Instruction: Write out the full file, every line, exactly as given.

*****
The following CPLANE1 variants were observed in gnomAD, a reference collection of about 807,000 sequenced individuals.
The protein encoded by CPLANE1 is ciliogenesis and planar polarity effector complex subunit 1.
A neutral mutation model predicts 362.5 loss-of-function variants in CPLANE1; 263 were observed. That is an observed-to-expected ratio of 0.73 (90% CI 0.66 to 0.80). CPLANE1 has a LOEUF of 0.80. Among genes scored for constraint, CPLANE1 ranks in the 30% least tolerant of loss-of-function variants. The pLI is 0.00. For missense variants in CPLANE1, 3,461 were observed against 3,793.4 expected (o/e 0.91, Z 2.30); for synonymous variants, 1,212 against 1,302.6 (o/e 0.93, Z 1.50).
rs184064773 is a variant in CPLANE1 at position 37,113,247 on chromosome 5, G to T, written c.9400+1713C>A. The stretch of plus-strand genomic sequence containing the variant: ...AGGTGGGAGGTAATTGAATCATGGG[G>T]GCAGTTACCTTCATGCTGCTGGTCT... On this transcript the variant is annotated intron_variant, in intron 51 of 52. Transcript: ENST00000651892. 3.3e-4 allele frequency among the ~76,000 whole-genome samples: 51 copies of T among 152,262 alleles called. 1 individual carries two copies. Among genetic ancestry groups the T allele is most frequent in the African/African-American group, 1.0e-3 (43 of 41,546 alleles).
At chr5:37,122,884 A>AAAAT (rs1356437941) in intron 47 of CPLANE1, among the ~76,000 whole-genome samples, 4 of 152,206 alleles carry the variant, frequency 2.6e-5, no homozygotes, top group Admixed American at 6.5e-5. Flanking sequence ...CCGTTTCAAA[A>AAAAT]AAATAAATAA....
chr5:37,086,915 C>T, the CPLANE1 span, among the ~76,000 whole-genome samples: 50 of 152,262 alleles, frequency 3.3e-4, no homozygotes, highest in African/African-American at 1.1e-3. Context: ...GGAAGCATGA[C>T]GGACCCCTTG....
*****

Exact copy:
The following CPLANE1 variants were observed in gnomAD, a reference collection of about 807,000 sequenced individuals.
The protein encoded by CPLANE1 is ciliogenesis and planar polarity effector complex subunit 1.
A neutral mutation model predicts 362.5 loss-of-function variants in CPLANE1; 263 were observed. That is an observed-to-expected ratio of 0.73 (90% CI 0.66 to 0.80). CPLANE1 has a LOEUF of 0.80. Among genes scored for constraint, CPLANE1 ranks in the 30% least tolerant of loss-of-function variants. The pLI is 0.00. For missense variants in CPLANE1, 3,461 were observed against 3,793.4 expected (o/e 0.91, Z 2.30); for synonymous variants, 1,212 against 1,302.6 (o/e 0.93, Z 1.50).
rs184064773 is a variant in CPLANE1 at position 37,113,247 on chromosome 5, G to T, written c.9400+1713C>A. The stretch of plus-strand genomic sequence containing the variant: ...AGGTGGGAGGTAATTGAATCATGGG[G>T]GCAGTTACCTTCATGCTGCTGGTCT... On this transcript the variant is annotated intron_variant, in intron 51 of 52. Transcript: ENST00000651892. 3.3e-4 allele frequency among the ~76,000 whole-genome samples: 51 copies of T among 152,262 alleles called. 1 individual carries two copies. Among genetic ancestry groups the T allele is most frequent in the African/African-American group, 1.0e-3 (43 of 41,546 alleles).
At chr5:37,122,884 A>AAAAT (rs1356437941) in intron 47 of CPLANE1, among the ~76,000 whole-genome samples, 4 of 152,206 alleles carry the variant, frequency 2.6e-5, no homozygotes, top group Admixed American at 6.5e-5. Flanking sequence ...CCGTTTCAAA[A>AAAAT]AAATAAATAA....
chr5:37,086,915 C>T, the CPLANE1 span, among the ~76,000 whole-genome samples: 50 of 152,262 alleles, frequency 3.3e-4, no homozygotes, highest in African/African-American at 1.1e-3. Context: ...GGAAGCATGA[C>T]GGACCCCTTG....